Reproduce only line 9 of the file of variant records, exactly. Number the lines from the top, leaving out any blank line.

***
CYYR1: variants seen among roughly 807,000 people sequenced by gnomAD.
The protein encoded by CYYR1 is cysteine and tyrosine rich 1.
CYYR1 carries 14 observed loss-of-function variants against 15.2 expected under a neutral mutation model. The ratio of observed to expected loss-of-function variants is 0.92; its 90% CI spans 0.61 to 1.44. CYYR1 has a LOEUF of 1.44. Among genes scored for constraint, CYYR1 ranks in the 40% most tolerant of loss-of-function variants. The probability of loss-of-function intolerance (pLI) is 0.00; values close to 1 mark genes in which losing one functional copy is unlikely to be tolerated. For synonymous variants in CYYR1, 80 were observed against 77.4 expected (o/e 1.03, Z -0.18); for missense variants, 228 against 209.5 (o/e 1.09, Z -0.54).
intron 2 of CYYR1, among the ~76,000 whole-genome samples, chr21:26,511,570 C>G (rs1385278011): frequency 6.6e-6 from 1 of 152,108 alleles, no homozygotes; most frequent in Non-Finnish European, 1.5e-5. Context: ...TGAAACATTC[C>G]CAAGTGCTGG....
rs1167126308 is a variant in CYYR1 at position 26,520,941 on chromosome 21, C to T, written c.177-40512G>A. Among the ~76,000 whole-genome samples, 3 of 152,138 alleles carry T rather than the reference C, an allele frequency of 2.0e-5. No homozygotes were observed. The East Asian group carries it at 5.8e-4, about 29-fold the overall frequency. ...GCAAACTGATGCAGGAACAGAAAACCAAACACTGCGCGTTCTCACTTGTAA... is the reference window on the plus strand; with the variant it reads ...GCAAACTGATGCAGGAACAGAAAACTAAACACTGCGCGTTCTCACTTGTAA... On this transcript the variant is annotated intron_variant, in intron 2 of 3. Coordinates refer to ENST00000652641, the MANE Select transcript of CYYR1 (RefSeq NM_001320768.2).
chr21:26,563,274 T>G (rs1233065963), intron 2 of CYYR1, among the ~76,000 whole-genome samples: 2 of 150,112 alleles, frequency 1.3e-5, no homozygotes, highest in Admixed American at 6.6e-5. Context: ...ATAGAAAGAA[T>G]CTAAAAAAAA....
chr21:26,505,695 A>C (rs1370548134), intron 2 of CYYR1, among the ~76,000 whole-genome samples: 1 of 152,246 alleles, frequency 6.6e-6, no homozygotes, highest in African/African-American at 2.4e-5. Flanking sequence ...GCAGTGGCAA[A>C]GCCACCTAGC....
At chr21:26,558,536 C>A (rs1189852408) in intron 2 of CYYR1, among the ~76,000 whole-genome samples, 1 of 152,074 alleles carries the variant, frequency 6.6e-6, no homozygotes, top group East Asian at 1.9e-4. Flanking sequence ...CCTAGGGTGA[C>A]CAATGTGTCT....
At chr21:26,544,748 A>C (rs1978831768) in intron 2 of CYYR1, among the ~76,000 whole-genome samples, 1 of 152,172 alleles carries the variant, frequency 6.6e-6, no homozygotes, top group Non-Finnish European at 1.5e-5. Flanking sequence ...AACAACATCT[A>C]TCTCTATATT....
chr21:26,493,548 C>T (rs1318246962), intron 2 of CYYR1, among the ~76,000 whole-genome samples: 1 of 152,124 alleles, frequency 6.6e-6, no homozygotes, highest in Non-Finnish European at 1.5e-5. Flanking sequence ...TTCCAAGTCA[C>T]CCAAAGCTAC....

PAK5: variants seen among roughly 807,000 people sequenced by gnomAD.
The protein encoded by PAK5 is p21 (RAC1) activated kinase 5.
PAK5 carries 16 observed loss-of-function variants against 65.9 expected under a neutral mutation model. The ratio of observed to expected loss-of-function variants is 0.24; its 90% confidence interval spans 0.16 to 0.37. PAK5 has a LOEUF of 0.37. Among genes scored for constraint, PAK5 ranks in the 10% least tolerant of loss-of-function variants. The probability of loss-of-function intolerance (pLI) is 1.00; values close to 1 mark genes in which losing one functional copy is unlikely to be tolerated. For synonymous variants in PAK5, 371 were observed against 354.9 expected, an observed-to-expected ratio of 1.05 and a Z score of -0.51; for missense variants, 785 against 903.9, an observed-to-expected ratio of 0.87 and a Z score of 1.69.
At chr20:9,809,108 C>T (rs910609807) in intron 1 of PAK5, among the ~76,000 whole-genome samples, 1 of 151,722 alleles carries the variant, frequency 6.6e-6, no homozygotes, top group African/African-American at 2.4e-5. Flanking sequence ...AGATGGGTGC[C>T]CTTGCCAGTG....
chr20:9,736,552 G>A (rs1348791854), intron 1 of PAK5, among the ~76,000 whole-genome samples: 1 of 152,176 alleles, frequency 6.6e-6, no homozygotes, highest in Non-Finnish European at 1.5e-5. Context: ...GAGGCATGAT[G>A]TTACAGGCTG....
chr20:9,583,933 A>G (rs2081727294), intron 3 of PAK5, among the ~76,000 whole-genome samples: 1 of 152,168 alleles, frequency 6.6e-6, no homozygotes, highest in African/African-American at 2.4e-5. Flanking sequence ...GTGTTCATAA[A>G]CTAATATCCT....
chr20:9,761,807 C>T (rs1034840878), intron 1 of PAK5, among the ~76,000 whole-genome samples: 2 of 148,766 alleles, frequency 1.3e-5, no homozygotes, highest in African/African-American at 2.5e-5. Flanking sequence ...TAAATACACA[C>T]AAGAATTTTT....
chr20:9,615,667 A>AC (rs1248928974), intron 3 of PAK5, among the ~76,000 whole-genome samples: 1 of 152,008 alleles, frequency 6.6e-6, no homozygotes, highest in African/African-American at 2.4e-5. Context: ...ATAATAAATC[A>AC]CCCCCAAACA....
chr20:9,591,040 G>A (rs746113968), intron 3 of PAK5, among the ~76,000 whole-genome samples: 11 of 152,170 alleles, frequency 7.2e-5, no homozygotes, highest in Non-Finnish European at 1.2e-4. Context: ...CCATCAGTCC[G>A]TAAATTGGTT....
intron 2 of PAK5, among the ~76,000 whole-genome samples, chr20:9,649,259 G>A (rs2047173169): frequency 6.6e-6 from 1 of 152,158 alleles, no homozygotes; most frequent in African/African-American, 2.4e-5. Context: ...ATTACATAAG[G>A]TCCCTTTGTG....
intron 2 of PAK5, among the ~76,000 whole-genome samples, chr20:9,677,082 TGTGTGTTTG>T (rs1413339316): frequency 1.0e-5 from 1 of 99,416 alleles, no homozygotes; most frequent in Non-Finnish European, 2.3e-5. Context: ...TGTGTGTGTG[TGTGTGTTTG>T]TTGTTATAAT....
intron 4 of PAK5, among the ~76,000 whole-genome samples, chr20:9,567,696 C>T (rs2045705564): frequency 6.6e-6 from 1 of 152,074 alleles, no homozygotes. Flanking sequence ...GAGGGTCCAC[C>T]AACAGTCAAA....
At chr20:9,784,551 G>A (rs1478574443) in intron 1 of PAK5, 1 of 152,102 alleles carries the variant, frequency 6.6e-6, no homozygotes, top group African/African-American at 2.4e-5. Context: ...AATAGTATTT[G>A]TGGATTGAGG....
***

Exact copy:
At chr21:26,544,748 A>C (rs1978831768) in intron 2 of CYYR1, among the ~76,000 whole-genome samples, 1 of 152,172 alleles carries the variant, frequency 6.6e-6, no homozygotes, top group Non-Finnish European at 1.5e-5. Flanking sequence ...AACAACATCT[A>C]TCTCTATATT....